What kind of peace that the Master deserved, Bulgakov says? By Philosophy Posted on 2022-02-09 Category : Other If peace is paradise, then why does Woland give it? Or is peace nothing and eternal death?
M. Bulgakov in the finale of the novel “The Master and Margarita” leaves a huge field for interpretation. Apparently, he didn't even know how to put all the dots on the “I”in a convincing way. But with regard to the Master, it is absolutely unequivocal-He did not deserve Light, he deserved Peace…what does this mean…???
If he does not deserve the Light, then he cannot be counted among the saints and he is not prepared for Paradise. The master is too earthly, too sinful, too immersed in the hustle and bustle of earthly life, too much in love with his earthly woman…but he doesn't deserve Hell for what he does…so it will stay somewhere in the middle…the author does not know what this means and offers the reader one of the options – a small house covered with ivy and with a tiled roof, a dense shady garden, the chirping of birds and a blessed silence…the dream of an 18th-century European burgher before the invention of electricity…I think that the author would wish himself such “Eternal Peace”.
P.S.-Woland is the second (dark) half of the Supreme. He has no less power and authority than the Almighty. And such a small thing as to give Eternal Peace to a little man, he can not strain…
We've already discussed this and I recommend reading it:
How did you understand the ending of the novel “The Master and Margarita”? Why did Yeshua give them peace and not the opportunity to be together? Is this punishment or pity?
please note both Marina Zajnulina's answer and Yuri P.'s comment.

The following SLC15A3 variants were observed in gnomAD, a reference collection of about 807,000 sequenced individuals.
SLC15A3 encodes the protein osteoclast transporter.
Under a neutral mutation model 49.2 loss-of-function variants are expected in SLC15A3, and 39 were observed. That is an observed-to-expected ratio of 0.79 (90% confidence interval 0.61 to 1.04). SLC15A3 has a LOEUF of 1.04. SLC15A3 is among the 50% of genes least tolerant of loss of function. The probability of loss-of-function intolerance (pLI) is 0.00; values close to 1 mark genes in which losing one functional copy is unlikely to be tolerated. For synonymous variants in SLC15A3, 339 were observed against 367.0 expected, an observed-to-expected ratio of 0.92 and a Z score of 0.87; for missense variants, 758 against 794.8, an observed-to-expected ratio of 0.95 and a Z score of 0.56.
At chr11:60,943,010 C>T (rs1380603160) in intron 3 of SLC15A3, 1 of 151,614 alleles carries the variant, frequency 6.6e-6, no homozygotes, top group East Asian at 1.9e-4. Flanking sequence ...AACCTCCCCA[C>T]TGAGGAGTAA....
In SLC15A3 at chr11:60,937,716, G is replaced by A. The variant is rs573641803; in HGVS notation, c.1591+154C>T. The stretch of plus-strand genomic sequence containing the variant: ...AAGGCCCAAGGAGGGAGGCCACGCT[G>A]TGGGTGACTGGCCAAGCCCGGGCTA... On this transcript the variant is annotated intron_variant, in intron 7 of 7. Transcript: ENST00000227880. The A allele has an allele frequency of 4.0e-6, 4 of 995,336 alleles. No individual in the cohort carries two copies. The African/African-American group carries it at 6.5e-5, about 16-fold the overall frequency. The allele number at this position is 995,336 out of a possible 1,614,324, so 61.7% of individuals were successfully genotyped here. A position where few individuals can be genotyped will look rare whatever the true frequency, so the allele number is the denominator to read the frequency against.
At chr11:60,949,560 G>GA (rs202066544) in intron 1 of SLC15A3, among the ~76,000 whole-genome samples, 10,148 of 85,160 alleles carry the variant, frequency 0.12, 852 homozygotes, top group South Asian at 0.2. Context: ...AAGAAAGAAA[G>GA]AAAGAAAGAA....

I also wrote in another answer on the topic of M and M, the topic of the NKVD and in general Stalin as a kind of quasi-justice in a world that is abandoned by God (or God such as Yeshua) despite the fact that Bulgakov himself is a monarchist who accidentally (the disease that caused this) remained in Russia. Bulgakov is trying to somehow come to terms with this reality, to come to peace, one might say.
In my opinion, this straightforwardness should not be attributed to Bulgakov. Yeshua is not quite God, Woland is not quite the devil, and peace is not heaven and hell at all. Everything is ghostly, unstable, turned upside down and mixed up in a collapsed empire.
As far as I remember Bulgakov's biography, he really wanted peace. Firstly, he repeatedly asked Stalin for permission to emigrate and did not receive it, and secondly, he was seriously ill. As you can see, he identified himself with the Master. Peace is a metaphor for the afterlife, of course. In some cultures, there were ideas about hell and heaven, where only distinguished people, a few, go, and about the existence of the afterlife, where almost everyone goes after death-ordinary people who have not done anything particularly bad and good in life. For example, Hades among the Greeks. Perhaps this is what Bulgakov had in mind.
You can also recall that at the beginning of the 20th century in Europe, Beklin's painting Island of the Dead, which depicts the afterlife in the form of such a cozy, shady place on a private island in the sea, was extremely popular among the bourgeoisie, among the people. It was said about this phenomenon that the dying old Europe was trying to find its peace.